Observing and Predicting Tides Background

Ocean Tides


Types of

Tides in
Ocean Basins

Tidal Currents


Open-Ocean Tides

Observing the changing water levels caused by astronomical tides is relatively simple and has long been important for major ports. Knowing tide levels helps pilots and ship captains avoid running aground in shallow stretches of harbor channels. In the 1850s, the port of New York began operating a real-time tide gauge that indicated to ship operators the tide level and whether it was rising or falling. Today government agencies (e.g., NOAA, Cana­dian Hydrographic Services, the British Admiralty) main­tain tide observing and prediction systems to advise mari­ners based primarily on the output of numerical models and computers. On the other hand, fewer sources of information exist on tidal currents in harbors because they are much more difficult and expensive to observe than tide levels. Whereas tide levels are nearly uniform over broad areas, tidal currents change quickly with varia­tions in winds and river discharge. Furthermore they are affected by complex shorelines and bottom topogra­phy. Nonetheless, NOAA’s Physical Oceanographic Real Time Services (PORTS) provides information on tidal cur­rents for 10 major U.S. ports.

observations and predictions of water levels, levels oscillate between 0 and 4 feet above MLLV, predictions match actual levels well
Observed (red) and predicted (blue) water level (in feet above Mean Low Water) for the tide gauge located at Nantucket Island, MA from 5 to 7 May 2004. Vertical dashed line marks the "present" time. [From NOAH, National Ocean Service, Center for Operational Oceanographic Products and Services.]

Predictions and real-time observations of tides are distributed electronically to ship operators. In the United States such predictions are made by NOAA's National Ocean Service CO-OPS (Center for Operational Oceano­graphic Products and Services) for more than 3,000 loca­tions and are available to the public online. Consider how tide predictions are made.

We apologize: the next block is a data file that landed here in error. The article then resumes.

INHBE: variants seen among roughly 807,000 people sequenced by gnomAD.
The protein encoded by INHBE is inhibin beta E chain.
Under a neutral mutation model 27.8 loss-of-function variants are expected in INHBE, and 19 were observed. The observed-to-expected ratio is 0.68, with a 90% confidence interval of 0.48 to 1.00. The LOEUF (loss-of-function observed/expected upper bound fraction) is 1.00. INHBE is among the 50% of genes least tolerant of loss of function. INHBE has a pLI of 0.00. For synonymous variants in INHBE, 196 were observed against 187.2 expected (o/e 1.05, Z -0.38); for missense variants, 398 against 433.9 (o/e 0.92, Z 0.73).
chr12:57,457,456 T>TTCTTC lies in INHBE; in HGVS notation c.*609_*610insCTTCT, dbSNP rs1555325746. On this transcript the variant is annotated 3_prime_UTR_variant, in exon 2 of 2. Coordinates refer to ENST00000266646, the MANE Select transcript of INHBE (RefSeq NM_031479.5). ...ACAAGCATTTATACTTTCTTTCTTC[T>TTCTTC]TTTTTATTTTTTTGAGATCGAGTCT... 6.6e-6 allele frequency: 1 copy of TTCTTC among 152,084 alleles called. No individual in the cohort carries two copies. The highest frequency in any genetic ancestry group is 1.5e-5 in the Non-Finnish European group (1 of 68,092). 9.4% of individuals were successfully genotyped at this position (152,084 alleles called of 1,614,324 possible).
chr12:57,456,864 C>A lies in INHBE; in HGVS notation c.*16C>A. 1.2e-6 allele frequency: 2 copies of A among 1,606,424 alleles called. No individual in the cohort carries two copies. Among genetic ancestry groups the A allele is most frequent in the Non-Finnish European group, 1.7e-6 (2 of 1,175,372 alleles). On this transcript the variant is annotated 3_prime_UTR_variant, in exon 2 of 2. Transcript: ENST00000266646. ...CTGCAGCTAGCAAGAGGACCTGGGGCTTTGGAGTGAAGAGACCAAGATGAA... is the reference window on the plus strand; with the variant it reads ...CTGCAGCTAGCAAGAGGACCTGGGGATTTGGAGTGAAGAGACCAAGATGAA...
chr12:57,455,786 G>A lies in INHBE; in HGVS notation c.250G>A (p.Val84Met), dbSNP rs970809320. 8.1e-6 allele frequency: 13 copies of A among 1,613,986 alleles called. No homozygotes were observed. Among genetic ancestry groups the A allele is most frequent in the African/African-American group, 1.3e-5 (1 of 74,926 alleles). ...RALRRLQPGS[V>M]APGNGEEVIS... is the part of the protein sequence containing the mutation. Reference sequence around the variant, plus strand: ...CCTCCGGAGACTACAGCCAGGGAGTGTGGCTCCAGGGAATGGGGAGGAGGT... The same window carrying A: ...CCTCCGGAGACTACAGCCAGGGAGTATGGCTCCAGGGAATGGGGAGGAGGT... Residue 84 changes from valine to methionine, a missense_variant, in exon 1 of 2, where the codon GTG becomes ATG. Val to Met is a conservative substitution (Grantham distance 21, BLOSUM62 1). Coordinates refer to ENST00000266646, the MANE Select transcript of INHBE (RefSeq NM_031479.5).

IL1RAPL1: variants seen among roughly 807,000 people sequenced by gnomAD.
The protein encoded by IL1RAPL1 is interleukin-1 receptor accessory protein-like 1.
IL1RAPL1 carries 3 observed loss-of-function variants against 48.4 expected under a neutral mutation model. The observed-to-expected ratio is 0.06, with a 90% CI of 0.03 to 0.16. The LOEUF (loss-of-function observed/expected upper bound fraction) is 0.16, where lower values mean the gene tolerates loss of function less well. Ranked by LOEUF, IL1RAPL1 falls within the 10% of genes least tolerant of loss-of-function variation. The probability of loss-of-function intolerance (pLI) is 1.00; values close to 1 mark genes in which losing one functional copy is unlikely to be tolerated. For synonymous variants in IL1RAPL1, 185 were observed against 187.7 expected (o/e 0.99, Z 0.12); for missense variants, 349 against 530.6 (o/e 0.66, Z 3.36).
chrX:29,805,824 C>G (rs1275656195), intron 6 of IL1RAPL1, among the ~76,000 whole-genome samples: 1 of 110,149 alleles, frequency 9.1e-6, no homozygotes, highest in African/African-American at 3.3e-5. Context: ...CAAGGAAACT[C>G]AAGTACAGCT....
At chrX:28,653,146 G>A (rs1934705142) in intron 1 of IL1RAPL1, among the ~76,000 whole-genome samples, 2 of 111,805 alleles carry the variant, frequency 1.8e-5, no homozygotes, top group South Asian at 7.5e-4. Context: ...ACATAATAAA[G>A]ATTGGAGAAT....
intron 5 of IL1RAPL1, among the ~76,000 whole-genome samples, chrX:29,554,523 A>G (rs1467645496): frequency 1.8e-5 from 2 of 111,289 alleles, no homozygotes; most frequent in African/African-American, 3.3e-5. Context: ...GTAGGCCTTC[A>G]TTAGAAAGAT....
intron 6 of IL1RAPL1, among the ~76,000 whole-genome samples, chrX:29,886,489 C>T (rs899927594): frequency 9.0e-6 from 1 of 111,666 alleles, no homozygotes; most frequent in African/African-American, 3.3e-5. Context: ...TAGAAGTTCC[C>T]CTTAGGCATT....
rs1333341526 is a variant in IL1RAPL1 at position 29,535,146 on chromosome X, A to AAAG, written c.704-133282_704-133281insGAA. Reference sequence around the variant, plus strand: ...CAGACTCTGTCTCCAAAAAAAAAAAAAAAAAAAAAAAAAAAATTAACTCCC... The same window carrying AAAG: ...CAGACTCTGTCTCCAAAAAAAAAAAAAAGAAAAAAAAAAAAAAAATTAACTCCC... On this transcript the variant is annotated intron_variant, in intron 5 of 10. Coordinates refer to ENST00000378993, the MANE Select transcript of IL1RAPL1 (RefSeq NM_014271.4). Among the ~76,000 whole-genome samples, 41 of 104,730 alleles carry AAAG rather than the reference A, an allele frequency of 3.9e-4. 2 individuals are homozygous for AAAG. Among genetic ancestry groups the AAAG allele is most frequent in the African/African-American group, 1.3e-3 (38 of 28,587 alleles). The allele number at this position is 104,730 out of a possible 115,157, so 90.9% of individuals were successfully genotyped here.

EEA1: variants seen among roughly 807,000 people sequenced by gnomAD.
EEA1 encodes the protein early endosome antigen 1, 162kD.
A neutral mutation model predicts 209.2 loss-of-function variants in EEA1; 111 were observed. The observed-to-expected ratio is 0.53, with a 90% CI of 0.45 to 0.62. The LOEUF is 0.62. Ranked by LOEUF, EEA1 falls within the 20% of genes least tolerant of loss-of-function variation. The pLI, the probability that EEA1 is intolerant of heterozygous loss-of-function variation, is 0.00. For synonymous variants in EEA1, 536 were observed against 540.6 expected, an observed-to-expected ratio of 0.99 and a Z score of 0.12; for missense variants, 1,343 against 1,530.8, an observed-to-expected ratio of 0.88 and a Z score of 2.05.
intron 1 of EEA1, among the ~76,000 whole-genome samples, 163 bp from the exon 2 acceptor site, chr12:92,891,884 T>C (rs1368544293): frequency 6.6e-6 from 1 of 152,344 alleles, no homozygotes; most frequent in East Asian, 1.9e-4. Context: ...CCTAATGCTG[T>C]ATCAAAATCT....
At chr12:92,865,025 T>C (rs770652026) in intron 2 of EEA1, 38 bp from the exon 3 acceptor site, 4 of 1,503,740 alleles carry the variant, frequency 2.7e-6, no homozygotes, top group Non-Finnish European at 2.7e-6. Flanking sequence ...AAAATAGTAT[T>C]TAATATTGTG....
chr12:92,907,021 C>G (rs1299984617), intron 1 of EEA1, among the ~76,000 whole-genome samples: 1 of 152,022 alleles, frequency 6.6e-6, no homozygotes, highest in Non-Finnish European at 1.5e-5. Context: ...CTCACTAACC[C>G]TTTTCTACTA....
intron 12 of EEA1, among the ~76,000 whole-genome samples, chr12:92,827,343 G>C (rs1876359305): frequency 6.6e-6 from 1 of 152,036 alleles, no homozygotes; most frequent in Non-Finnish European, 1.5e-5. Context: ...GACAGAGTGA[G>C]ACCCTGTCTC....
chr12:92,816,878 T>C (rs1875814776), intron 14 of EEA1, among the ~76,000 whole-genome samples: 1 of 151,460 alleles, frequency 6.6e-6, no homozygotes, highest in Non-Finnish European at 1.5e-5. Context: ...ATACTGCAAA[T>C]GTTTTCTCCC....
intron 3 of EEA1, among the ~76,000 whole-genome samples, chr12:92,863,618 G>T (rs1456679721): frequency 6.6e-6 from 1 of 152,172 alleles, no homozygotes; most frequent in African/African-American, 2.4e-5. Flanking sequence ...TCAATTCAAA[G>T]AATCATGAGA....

Periods of motions of the Earth, sun, and moon in space (i.e., orbits and rotation) are fixed and known precisely. The predictability of the movements of tide-generating celestial bodies means that astronomical tides can also be predicted with great accuracy. Tides are waves so that local tides can be resolved mathematically into their various components, called partial tides. Partial tides are forecasted individually and added together to predict the height and timing of future local tides. Although as few as four partial tides can account for 70% of the total tidal range, some 60 components are commonly used (to account for both astronomical and non-astronomical factors). More' than 100 components must be considered to predict accurately, the tides along a complex coastline, such as that of Alaska. Local astronomical tides are best predicted when based on data collected for at least 18.6 years, a period that encompasses most of the astronomical configurations of the Earth-moon-sun system that generate the tides. However, only a single year of tide gauging data usually suffices for very reasonable tide predictions. In most cases, local winds and atmospheric pressure variations are the primary causes of the difference between the actual and predicted tide.

Adapted from DataStreme Ocean and
used with permission of the
American Meteorological Society.